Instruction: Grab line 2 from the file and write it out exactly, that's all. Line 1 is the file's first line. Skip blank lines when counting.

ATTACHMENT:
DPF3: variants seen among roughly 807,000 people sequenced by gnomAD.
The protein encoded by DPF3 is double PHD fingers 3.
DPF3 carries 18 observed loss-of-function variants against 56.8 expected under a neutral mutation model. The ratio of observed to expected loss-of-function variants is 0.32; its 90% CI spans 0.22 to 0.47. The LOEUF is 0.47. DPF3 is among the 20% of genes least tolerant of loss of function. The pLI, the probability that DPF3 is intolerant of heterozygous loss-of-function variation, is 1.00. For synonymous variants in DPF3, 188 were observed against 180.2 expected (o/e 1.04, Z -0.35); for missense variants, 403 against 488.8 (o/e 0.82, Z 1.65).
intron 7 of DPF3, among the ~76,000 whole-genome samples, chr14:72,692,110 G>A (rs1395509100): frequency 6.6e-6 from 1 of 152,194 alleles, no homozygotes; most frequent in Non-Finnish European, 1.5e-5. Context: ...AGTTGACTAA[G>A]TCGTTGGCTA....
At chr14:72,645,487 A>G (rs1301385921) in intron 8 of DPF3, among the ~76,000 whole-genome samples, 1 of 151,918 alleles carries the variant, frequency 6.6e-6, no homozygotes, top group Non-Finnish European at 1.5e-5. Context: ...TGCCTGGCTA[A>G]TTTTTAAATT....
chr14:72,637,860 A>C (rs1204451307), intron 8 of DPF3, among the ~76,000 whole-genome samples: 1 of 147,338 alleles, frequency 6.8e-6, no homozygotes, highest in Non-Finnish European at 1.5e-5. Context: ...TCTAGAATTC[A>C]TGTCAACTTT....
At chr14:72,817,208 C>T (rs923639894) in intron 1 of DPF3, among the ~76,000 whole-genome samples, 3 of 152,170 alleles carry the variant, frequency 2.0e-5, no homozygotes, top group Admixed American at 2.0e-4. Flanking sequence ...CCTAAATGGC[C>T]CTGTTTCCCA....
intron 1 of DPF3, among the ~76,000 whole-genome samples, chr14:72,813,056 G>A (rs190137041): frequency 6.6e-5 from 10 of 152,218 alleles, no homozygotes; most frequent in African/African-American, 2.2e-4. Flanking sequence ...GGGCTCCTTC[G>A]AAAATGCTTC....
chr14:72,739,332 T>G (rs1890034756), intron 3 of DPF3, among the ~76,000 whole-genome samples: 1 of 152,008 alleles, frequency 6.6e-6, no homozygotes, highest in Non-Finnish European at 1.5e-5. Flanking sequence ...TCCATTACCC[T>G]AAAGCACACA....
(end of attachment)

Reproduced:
The protein encoded by DPF3 is double PHD fingers 3.